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Title: Neutron vibrational spectroscopic studies of novel tire-derived carbon materials

Abstract

Sulfonated tire-derived carbons have been demonstrated to be high value-added carbon products of tire recycling in several energy storage system applications including lithium, sodium, potassium ion batteries and supercapacitors. In this paper, we compared different temperature pyrolyzed sulfonated tire-derived carbons with commercial graphite and unmodified/non-functionalized tire-derived carbon by studying the surface chemistry and properties, vibrational spectroscopy of the molecular structure, chemical bonding such as C–H bonding, and intermolecular interactions of the carbon materials. The nitrogen adsorption–desorption studies revealed the tailored micro and meso pore size distribution of the carbon during the sulfonation process. XPS and neutron vibrational spectra showed that the sulfonation of the initial raw tire powders could remove the aliphatic hydrogen containing groups ([double bond splayed left]CH 2 and –CH 3 groups) and reduce the number of heteroatoms that connect to carbon. The absence of these functional groups could effectively improve the first cycle efficiency of the material in rechargeable batteries. Meanwhile, the introduced –SO 3H functional group helped in producing terminal H at the edge of the sp 2 bonded graphite-like layers. Finally, this study reveals the influence of the sulfonation process on the recovered hard carbon from used tires and provides a pathway to develop andmore » improve advanced energy storage materials.« less

Authors:
 [1];  [2];  [2];  [3];  [4];  [4];  [5]; ORCiD logo [6];  [7]; ORCiD logo [1]
  1. Oak Ridge National Lab. (ORNL), Oak Ridge, TN (United States). Chemical Sciences Division; Univ. of Tennessee, Knoxville, TN (United States). The Bredesen Center for Interdisciplinary Research and Graduate Education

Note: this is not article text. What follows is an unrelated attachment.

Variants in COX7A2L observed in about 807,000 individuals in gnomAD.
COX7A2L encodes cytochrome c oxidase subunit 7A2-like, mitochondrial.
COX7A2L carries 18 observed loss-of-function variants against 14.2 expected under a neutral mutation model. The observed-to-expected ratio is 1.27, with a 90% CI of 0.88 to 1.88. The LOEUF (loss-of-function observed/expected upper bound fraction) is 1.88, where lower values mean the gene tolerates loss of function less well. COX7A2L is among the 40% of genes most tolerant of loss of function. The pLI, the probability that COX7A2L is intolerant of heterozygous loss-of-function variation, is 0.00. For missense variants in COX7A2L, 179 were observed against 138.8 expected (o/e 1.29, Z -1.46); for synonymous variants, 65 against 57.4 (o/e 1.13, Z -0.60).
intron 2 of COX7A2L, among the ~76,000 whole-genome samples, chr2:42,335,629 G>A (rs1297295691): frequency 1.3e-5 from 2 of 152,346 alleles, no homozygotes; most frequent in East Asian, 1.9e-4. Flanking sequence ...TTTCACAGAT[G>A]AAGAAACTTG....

2. Oak Ridge National Lab. (ORNL), Oak Ridge, TN (United States). Chemical and Engineering Materials Division
  3. Oak Ridge National Lab. (ORNL), Oak Ridge, TN (United States). Materials Science and Technology Division
  4. RJ Lee Group, Inc., Monroeville, PA (United States)
  5. Oak Ridge National Lab. (ORNL), Oak Ridge, TN (United States). Chemical Sciences Division
  6. Oak Ridge National Lab. (ORNL), Oak Ridge, TN (United States). Chemical Sciences Division; Univ. of Tennessee, Knoxville, TN (United States). Dept. of Chemistry
  7. Univ. of Tennessee, Knoxville, TN (United States). The Bredesen Center for Interdisciplinary Research and Graduate Education; Oak Ridge National Lab. (ORNL), Oak Ridge, TN (United States). Materials Science and Technology Division
Publication Date:
Research Org.:
Oak Ridge National Lab. (ORNL), Oak Ridge, TN (United States)
Sponsoring Org.:
USDOE Office of Science (SC), Basic Energy Sciences (BES) (SC-22)
OSTI Identifier:
1376440
Grant/Contract Number:
AC05-00OR22725
Resource Type:
Journal Article: Accepted Manuscript
Journal Name:
Physical Chemistry Chemical Physics. PCCP (Print)
Additional Journal Information:
Journal Name: Physical Chemistry Chemical Physics. PCCP (Print); Journal Volume: 19; Journal Issue: 33; Journal ID: ISSN 1463-9076
Publisher:
Royal Society of Chemistry
Country of Publication:
United States
Language:
English
Subject:
37 INORGANIC, ORGANIC, PHYSICAL, AND ANALYTICAL CHEMISTRY; 36 MATERIALS SCIENCE

Citation Formats

Li, Yunchao, Cheng, Yongqiang, Daemen, Luke L., Veith, Gabriel M., Levine, Alan M., Lee, Richard J., Mahurin, Shannon M., Dai, Sheng, Naskar, Amit K., and Paranthaman, Mariappan Parans. Neutron vibrational spectroscopic studies of novel tire-derived carbon materials. United States: N. p., 2017. Web. doi:10.1039/C7CP03750C.
Li, Yunchao, Cheng, Yongqiang, Daemen, Luke L., Veith, Gabriel M., Levine, Alan M., Lee, Richard J., Mahurin, Shannon M., Dai, Sheng, Naskar, Amit K., & Paranthaman, Mariappan Parans. Neutron vibrational spectroscopic studies of novel tire-derived carbon materials. United States. doi:10.1039/C7CP03750C.
Li, Yunchao, Cheng, Yongqiang, Daemen, Luke L., Veith, Gabriel M., Levine, Alan M., Lee, Richard J., Mahurin, Shannon M., Dai, Sheng, Naskar, Amit K., and Paranthaman, Mariappan Parans. 2017. "Neutron vibrational spectroscopic studies of novel tire-derived carbon materials". United States. doi:10.1039/C7CP03750C.
@article{osti_1376440,
title = {Neutron vibrational spectroscopic studies of novel tire-derived carbon materials},
author = {Li, Yunchao and Cheng, Yongqiang and Daemen, Luke L. and Veith, Gabriel M. and Levine, Alan M. and Lee, Richard J. and Mahurin, Shannon M. and Dai, Sheng and Naskar, Amit K. and Paranthaman, Mariappan Parans},